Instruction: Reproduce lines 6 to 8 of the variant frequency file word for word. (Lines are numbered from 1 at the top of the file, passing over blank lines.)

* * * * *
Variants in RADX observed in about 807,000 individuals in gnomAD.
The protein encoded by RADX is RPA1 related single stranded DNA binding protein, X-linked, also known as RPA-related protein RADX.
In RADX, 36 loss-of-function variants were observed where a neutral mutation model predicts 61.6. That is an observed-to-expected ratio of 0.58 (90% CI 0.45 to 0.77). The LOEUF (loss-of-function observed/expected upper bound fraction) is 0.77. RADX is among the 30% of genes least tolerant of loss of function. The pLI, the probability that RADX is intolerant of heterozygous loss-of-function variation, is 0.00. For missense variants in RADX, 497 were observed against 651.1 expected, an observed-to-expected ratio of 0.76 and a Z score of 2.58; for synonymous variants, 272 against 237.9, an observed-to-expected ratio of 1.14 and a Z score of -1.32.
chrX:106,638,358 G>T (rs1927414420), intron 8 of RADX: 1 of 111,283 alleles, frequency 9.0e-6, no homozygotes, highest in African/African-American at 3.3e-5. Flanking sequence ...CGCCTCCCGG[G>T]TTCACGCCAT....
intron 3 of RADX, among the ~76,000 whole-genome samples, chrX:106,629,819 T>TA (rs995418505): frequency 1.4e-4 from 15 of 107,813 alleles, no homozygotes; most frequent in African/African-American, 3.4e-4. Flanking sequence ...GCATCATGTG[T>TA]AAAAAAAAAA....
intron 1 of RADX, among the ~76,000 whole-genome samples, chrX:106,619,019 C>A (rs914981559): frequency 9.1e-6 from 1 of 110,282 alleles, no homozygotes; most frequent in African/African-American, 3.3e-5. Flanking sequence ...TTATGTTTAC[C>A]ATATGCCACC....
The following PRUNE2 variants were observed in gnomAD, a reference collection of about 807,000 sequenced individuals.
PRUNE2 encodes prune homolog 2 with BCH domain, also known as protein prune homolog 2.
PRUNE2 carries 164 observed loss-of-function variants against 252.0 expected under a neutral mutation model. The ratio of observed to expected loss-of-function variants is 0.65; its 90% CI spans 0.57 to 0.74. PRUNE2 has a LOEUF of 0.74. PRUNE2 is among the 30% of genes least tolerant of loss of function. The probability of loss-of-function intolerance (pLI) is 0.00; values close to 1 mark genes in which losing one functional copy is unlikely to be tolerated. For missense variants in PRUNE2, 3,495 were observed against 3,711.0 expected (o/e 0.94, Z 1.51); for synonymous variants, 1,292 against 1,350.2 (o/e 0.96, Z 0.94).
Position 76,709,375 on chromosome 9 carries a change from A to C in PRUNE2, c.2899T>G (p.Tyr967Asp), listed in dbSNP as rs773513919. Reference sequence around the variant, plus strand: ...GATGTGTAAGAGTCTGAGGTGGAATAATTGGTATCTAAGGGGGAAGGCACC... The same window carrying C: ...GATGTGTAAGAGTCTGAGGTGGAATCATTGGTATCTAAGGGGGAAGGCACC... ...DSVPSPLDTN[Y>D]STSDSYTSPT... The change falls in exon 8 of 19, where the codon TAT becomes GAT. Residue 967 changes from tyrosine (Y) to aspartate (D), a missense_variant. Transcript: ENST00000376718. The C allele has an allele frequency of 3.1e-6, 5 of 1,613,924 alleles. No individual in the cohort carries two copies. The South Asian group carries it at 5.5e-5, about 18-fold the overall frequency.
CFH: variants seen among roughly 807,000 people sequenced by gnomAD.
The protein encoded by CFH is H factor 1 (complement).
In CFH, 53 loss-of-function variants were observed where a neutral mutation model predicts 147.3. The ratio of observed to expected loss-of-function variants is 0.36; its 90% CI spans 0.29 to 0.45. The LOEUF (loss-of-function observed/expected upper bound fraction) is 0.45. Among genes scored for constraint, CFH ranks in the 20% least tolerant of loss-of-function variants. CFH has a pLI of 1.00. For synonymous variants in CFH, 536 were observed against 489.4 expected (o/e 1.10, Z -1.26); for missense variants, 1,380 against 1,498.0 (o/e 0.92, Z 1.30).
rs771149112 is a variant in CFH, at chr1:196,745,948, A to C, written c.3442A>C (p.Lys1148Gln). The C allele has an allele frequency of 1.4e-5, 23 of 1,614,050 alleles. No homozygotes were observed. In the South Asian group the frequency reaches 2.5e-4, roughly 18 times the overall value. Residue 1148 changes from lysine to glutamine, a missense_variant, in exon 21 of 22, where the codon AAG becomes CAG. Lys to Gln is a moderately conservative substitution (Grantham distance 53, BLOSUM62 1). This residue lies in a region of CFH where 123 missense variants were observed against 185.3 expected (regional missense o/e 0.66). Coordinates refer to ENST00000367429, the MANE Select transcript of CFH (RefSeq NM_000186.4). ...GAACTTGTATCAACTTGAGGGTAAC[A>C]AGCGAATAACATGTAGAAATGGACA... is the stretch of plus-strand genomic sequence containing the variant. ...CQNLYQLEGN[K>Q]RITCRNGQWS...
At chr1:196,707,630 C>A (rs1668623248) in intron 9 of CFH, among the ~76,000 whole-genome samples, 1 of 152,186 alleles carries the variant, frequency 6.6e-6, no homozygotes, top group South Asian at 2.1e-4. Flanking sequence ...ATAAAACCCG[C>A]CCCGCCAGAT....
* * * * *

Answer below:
intron 1 of RADX, among the ~76,000 whole-genome samples, chrX:106,619,019 C>A (rs914981559): frequency 9.1e-6 from 1 of 110,282 alleles, no homozygotes; most frequent in African/African-American, 3.3e-5. Flanking sequence ...TTATGTTTAC[C>A]ATATGCCACC....
The following PRUNE2 variants were observed in gnomAD, a reference collection of about 807,000 sequenced individuals.
PRUNE2 encodes prune homolog 2 with BCH domain, also known as protein prune homolog 2.